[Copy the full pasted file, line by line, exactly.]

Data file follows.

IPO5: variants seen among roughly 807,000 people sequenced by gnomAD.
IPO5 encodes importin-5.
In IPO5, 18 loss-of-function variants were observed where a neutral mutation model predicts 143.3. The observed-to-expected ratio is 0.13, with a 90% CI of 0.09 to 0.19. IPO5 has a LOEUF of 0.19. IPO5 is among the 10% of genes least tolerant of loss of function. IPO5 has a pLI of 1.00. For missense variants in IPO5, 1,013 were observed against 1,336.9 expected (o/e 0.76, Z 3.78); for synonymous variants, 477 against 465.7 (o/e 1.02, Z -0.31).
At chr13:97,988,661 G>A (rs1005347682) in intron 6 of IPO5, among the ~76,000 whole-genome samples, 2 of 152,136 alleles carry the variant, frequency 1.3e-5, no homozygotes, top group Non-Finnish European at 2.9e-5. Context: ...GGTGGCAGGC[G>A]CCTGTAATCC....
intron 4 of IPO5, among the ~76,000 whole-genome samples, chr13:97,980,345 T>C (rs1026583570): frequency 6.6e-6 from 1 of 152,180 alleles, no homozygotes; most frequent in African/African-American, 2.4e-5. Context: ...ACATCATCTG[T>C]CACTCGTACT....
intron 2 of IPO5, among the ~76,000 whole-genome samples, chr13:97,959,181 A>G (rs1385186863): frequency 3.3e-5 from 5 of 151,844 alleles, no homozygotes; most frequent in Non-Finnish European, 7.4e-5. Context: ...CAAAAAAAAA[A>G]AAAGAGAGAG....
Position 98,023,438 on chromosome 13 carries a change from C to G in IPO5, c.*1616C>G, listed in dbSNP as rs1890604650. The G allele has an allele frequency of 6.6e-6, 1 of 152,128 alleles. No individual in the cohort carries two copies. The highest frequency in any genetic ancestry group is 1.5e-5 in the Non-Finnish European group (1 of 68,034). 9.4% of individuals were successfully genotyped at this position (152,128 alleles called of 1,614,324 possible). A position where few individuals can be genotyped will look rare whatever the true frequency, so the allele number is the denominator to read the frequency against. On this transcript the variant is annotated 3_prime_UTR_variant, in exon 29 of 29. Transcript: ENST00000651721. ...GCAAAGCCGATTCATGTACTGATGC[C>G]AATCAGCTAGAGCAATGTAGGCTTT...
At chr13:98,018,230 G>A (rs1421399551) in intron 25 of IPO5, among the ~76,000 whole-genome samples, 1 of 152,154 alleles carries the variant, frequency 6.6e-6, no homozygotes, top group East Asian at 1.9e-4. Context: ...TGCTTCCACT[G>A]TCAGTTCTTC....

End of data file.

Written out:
IPO5: variants seen among roughly 807,000 people sequenced by gnomAD.
IPO5 encodes importin-5.
In IPO5, 18 loss-of-function variants were observed where a neutral mutation model predicts 143.3. The observed-to-expected ratio is 0.13, with a 90% CI of 0.09 to 0.19. IPO5 has a LOEUF of 0.19. IPO5 is among the 10% of genes least tolerant of loss of function. IPO5 has a pLI of 1.00. For missense variants in IPO5, 1,013 were observed against 1,336.9 expected (o/e 0.76, Z 3.78); for synonymous variants, 477 against 465.7 (o/e 1.02, Z -0.31).
At chr13:97,988,661 G>A (rs1005347682) in intron 6 of IPO5, among the ~76,000 whole-genome samples, 2 of 152,136 alleles carry the variant, frequency 1.3e-5, no homozygotes, top group Non-Finnish European at 2.9e-5. Context: ...GGTGGCAGGC[G>A]CCTGTAATCC....
intron 4 of IPO5, among the ~76,000 whole-genome samples, chr13:97,980,345 T>C (rs1026583570): frequency 6.6e-6 from 1 of 152,180 alleles, no homozygotes; most frequent in African/African-American, 2.4e-5. Context: ...ACATCATCTG[T>C]CACTCGTACT....
intron 2 of IPO5, among the ~76,000 whole-genome samples, chr13:97,959,181 A>G (rs1385186863): frequency 3.3e-5 from 5 of 151,844 alleles, no homozygotes; most frequent in Non-Finnish European, 7.4e-5. Context: ...CAAAAAAAAA[A>G]AAAGAGAGAG....
Position 98,023,438 on chromosome 13 carries a change from C to G in IPO5, c.*1616C>G, listed in dbSNP as rs1890604650. The G allele has an allele frequency of 6.6e-6, 1 of 152,128 alleles. No individual in the cohort carries two copies. The highest frequency in any genetic ancestry group is 1.5e-5 in the Non-Finnish European group (1 of 68,034). 9.4% of individuals were successfully genotyped at this position (152,128 alleles called of 1,614,324 possible). A position where few individuals can be genotyped will look rare whatever the true frequency, so the allele number is the denominator to read the frequency against. On this transcript the variant is annotated 3_prime_UTR_variant, in exon 29 of 29. Transcript: ENST00000651721. ...GCAAAGCCGATTCATGTACTGATGC[C>G]AATCAGCTAGAGCAATGTAGGCTTT...
At chr13:98,018,230 G>A (rs1421399551) in intron 25 of IPO5, among the ~76,000 whole-genome samples, 1 of 152,154 alleles carries the variant, frequency 6.6e-6, no homozygotes, top group East Asian at 1.9e-4. Context: ...TGCTTCCACT[G>A]TCAGTTCTTC....